A Critical Discourse Analysis of Engineering Course Syllabi and Recommendations for Increasing Engagement among Women in STEM

  • Michael C. Savaria University of Massachusetts Dartmouth
  • Kristina A. Monteiro The Warren Alpert Medical School of Brown University
Keywords: STEM, Syllabi, Women

Abstract

Men outnumber women in the enrollment of science, technology, engineering, and mathematics (STEM) undergraduate majors. Course syllabi are distributed to students during open enrollment and provide key insights into the courses. A critical discourse analysis of introductory engineering syllabi at a 4-year public university revealed limited to no inclusion of: student learning course outcomes, connections to topics outside of engineering, encouragement of faculty-student or peer relationships, personal growth and societal impacts, or acknowledgement of the underrepresentation of women in STEM. Syllabi should incorporate multicultural engagement factors to help reduce the gender gap and promote the increased involvement of women in STEM fields.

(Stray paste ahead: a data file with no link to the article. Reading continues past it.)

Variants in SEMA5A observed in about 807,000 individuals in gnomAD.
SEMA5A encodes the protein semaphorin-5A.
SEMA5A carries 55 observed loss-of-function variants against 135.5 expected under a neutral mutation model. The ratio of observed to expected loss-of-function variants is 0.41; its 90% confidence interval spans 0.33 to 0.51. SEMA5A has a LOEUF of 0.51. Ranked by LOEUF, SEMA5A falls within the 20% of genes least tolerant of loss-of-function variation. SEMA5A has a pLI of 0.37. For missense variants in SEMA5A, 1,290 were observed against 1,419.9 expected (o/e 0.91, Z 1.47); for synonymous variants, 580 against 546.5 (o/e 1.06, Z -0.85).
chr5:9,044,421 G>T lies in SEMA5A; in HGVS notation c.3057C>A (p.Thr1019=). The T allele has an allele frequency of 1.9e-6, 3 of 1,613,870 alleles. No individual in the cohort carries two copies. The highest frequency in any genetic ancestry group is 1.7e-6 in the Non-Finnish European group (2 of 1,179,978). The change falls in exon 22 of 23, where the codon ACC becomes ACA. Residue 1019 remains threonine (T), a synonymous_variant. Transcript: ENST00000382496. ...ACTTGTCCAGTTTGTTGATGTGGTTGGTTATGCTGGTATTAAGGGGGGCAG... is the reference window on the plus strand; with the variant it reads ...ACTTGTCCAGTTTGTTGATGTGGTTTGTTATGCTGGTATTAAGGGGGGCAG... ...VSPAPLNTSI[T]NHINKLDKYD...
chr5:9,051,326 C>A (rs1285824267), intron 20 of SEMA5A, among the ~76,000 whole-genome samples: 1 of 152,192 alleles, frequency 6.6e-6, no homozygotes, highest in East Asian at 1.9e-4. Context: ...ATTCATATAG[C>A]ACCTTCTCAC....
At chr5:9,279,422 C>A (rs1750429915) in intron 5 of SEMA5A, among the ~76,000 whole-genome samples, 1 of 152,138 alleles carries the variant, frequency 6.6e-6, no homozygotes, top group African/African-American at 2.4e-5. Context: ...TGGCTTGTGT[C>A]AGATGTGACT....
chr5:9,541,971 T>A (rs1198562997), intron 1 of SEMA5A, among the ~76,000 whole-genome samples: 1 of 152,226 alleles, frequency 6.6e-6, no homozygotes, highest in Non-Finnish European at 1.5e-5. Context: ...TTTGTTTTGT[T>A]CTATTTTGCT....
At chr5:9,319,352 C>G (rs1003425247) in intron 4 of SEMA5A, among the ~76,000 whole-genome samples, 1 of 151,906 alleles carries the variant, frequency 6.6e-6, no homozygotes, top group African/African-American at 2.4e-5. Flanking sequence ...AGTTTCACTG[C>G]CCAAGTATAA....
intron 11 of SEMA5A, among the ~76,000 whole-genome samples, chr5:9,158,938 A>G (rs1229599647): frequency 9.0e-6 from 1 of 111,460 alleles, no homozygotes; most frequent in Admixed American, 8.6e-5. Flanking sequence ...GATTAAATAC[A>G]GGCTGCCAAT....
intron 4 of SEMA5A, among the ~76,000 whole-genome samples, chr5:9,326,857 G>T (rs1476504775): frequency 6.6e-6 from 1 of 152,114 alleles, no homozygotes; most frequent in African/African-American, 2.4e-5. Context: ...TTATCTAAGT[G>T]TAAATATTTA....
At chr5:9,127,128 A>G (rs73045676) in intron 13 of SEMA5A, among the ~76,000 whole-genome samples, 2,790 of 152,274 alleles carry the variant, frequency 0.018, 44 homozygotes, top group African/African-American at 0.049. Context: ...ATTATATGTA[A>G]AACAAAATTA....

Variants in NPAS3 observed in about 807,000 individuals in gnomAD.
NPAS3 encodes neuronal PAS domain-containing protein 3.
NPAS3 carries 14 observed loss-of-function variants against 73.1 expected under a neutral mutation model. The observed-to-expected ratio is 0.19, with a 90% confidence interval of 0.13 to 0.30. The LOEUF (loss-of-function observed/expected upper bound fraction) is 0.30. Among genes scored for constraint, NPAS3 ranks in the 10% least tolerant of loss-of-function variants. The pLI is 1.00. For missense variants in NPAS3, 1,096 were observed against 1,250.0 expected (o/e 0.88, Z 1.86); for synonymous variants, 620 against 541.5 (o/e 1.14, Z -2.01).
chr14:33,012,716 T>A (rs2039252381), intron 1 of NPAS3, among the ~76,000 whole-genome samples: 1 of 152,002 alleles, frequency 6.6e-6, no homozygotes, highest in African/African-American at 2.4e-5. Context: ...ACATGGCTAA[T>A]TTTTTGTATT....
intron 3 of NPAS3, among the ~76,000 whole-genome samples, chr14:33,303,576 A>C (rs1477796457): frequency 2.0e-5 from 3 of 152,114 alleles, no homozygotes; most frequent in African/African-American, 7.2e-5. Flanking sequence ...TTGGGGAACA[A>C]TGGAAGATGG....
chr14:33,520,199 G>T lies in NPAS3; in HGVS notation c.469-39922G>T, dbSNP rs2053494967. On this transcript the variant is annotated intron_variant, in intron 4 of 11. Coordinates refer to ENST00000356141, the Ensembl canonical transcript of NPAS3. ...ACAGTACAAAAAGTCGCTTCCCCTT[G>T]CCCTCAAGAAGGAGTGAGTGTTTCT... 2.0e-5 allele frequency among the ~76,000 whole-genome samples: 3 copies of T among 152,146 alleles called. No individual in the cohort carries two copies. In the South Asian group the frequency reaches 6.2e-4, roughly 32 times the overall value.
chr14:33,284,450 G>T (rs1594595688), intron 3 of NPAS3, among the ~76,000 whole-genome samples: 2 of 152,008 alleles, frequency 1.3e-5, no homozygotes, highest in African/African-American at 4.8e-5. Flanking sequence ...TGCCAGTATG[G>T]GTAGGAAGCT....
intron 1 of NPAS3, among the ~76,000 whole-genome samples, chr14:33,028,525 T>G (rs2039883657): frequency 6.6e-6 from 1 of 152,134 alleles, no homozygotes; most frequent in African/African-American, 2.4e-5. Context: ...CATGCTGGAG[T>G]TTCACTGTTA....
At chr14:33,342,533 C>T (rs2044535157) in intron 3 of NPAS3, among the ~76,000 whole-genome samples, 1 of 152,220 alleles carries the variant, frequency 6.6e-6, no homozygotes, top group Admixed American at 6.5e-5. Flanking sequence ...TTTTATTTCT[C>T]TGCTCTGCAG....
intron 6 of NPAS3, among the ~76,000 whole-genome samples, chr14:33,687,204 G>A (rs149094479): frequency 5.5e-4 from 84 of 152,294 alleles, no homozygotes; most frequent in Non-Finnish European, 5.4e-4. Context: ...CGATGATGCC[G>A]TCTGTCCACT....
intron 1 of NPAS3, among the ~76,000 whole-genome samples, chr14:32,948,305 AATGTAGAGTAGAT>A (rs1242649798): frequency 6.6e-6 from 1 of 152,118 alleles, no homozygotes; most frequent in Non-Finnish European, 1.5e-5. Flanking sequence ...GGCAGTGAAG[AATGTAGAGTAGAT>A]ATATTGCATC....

Author Biographies

Michael C. Savaria, University of Massachusetts Dartmouth
Educational Leadership and Policy Studies, Doctoral Candidate
Kristina A. Monteiro, The Warren Alpert Medical School of Brown University
Medical School, Assistant Director of Assessment and Evaluation
Published
2017-04-10
Section
Articles